This morning the Federal Circuit issued one nonprecedential opinion in an antitrust case and one nonprecedential Rule 36 judgment. Here is the introduction to the opinion and the judgment.
Power Analytics Corp. v. Operation Technology, Inc. (Nonprecedential)
As courts have regularly maintained, the allegations set forth in a complaint may not simply recite the elements of a cause of action. A plausible “short and plain” statement of the plaintiff’s claim, pursuant to Federal Rule of Civil Procedure 8(a)(2), must contain putative facts that provide fair notice and show that the plaintiff is entitled to relief. Skinner v. Switzer, 562 U.S. 521 (2011). Although we accept such factual allegations as true at the motion to dismiss stage, the complainant “must plausibly suggest an entitlement to relief, such that it is not unfair to require the opposing party to be subjected to the expense of discovery and continued litigation.” Starr v. Baca, 652 F.3d 1202, 1216 (9th Cir. 2011).
The “practical significance” of Rule 8 rings especially true in antitrust cases. Bell Atlantic Corp. v. Twombly 550 U.S. 544, 557–58 (2007) (quoting Dura Pharms., Inc. v. Broudo, 544 U.S. 336, 347 (2005)). In such cases, district courts properly insist on some specificity to relieve parties of “the potentially enormous expense of discovery in cases with no reasonably founded hope that the discovery process will reveal relevant evidence to support a [Sherman Act] claim.” Id. at 559–60 (internal citations omitted). That is what the district court did in this case.
With the patience of a first grader’s piano teacher, the district court detailed the requirements of Sherman Act §§ 1 and 2 violations, explained why the allegations failed to establish anticompetitive conduct, and dismissed Power Analytics’ multiple amended complaints without prejudice, providing the plaintiff with an opportunity to shore up such deficiencies. Despite the advantage of developed discovery and three bites at the Rule 8 apple, Power Analytics never provided a plausible statement of relief. Instead, it announced during the last motion to dismiss hearing that the district court had misconstrued its § 1 claim as alleging “exclusive dealing arrangements” as opposed to concerted “refusals to deal,” and demanded a favorable outcome on this new basis. Power Analytics Corp. v. Operation Tech., Inc., et al., Case No. 16-01955, 2018 WL 10231437, at *1 n.1 (C.D. Cal. July 24, 2018). Declining to address the new, unbriefed theory, the district court dismissed the complaint as deficient, once again without prejudice, allowing Power Analytics to advance its new theory with proper briefing. Rather than accept the district court’s generous offer to amend its complaint for a fourth time, Power Analytics took this appeal, and now maintains that the district court’s entire analysis under § 1 is “irrelevant” here. It asks that we do what it did not give the district court an opportunity to do: evaluate its § 1 claim under a refusal to deal theory. We will not do that.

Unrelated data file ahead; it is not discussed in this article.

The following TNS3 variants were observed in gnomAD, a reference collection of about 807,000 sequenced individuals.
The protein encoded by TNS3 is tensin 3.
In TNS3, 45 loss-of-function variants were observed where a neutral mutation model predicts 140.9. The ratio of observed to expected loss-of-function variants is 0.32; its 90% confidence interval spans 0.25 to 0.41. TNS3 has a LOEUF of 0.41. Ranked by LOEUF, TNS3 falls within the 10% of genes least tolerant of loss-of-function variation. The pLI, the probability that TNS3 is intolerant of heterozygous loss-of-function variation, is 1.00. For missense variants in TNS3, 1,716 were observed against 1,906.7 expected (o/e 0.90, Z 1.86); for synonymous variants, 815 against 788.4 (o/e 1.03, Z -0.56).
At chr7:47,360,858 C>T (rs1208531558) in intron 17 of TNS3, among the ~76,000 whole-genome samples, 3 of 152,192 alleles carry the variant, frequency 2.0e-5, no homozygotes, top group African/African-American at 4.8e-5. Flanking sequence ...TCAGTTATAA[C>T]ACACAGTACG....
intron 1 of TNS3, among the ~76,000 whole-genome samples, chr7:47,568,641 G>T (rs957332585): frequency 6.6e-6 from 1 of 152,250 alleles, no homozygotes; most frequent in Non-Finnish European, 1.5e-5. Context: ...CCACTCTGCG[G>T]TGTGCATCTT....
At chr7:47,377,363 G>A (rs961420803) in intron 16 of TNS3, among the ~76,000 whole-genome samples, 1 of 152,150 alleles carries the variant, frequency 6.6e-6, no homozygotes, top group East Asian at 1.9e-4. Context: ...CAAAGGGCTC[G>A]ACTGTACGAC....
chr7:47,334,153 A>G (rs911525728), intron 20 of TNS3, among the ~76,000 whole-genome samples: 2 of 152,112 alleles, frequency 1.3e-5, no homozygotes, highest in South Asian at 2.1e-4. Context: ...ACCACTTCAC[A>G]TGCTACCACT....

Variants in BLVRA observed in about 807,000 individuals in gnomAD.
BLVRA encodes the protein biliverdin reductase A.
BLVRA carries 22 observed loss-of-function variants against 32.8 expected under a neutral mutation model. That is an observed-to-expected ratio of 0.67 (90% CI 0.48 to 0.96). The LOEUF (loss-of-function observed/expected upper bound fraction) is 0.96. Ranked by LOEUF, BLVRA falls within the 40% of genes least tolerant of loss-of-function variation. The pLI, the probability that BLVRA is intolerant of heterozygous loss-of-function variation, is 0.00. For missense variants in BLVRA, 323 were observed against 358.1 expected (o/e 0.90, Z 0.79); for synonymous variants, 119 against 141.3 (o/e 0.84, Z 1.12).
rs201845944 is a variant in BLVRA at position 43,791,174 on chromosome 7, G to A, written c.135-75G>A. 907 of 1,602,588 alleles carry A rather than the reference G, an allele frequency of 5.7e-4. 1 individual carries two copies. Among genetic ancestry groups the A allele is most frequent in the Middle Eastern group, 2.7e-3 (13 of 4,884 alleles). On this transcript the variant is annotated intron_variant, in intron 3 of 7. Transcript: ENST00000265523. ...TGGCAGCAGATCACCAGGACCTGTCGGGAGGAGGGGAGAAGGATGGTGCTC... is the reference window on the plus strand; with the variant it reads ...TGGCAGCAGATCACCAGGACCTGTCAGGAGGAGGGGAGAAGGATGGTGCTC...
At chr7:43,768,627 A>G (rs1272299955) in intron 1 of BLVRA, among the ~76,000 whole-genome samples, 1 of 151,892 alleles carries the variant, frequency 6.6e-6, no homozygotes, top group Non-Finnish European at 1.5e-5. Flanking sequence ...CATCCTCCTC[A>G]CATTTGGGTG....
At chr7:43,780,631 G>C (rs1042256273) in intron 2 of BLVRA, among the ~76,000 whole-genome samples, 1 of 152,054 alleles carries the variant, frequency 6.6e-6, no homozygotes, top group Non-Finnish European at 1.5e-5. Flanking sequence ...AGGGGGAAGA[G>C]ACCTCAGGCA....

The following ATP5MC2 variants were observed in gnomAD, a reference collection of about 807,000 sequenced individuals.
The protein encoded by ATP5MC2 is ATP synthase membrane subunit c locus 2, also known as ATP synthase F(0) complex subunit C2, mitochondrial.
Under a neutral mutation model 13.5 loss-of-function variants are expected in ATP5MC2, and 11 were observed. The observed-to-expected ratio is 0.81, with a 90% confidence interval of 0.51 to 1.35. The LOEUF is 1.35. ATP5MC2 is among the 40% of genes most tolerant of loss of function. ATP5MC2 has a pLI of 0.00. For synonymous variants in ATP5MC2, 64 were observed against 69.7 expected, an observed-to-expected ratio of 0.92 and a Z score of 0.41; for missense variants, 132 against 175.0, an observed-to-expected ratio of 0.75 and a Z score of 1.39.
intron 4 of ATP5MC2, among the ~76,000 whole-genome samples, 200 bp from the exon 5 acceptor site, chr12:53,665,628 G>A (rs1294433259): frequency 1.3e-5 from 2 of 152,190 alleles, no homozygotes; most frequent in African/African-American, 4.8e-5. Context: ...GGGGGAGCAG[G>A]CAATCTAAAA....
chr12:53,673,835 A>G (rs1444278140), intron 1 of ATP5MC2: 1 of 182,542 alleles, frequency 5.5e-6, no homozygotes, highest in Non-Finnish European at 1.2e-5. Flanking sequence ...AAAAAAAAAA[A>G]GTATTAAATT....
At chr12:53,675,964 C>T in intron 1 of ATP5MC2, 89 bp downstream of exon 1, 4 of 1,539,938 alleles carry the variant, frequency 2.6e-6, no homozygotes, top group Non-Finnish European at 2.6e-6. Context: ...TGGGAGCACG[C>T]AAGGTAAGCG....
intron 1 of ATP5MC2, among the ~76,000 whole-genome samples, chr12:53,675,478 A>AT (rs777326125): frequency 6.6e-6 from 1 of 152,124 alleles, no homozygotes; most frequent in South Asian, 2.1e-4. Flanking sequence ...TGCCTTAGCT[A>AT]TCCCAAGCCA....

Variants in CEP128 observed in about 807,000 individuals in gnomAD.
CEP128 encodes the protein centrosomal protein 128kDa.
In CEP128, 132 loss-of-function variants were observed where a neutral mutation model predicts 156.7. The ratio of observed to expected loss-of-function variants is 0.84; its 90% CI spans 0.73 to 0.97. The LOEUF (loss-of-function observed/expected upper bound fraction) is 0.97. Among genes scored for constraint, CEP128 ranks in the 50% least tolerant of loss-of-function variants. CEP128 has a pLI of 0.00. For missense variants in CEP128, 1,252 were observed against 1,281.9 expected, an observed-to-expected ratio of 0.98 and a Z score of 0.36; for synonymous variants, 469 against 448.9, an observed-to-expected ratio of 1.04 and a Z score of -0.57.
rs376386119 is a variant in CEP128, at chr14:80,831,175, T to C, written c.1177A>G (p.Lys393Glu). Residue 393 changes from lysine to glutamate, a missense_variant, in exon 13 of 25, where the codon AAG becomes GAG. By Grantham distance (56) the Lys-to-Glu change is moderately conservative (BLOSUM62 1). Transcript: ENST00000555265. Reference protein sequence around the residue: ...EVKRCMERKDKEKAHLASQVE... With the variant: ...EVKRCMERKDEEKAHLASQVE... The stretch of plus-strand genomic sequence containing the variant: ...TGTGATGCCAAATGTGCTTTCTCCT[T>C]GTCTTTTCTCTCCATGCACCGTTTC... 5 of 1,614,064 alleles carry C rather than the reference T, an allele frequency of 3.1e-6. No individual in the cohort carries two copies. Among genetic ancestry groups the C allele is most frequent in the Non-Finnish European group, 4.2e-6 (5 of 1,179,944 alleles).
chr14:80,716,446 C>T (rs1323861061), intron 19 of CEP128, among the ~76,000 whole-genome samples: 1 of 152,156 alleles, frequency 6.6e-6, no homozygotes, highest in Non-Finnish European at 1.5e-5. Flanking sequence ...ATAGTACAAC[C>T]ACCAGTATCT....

Because we find that Power Analytics has waived its § 1 argument and agree with the district court’s conclusions regarding § 2 and the attendant state law claims, we conclude that Power Analytics’ third amended complaint fails to state a claim for which relief may be granted. We affirm.
Moore, Circuit Judge, concurring in judgment.
I concur in the court’s conclusion that Power Analytics waived its refusal to deal argument, but would find this waiver alone sufficient to resolve Power Analytics’ Section 1 and Section 2 antitrust claims on appeal.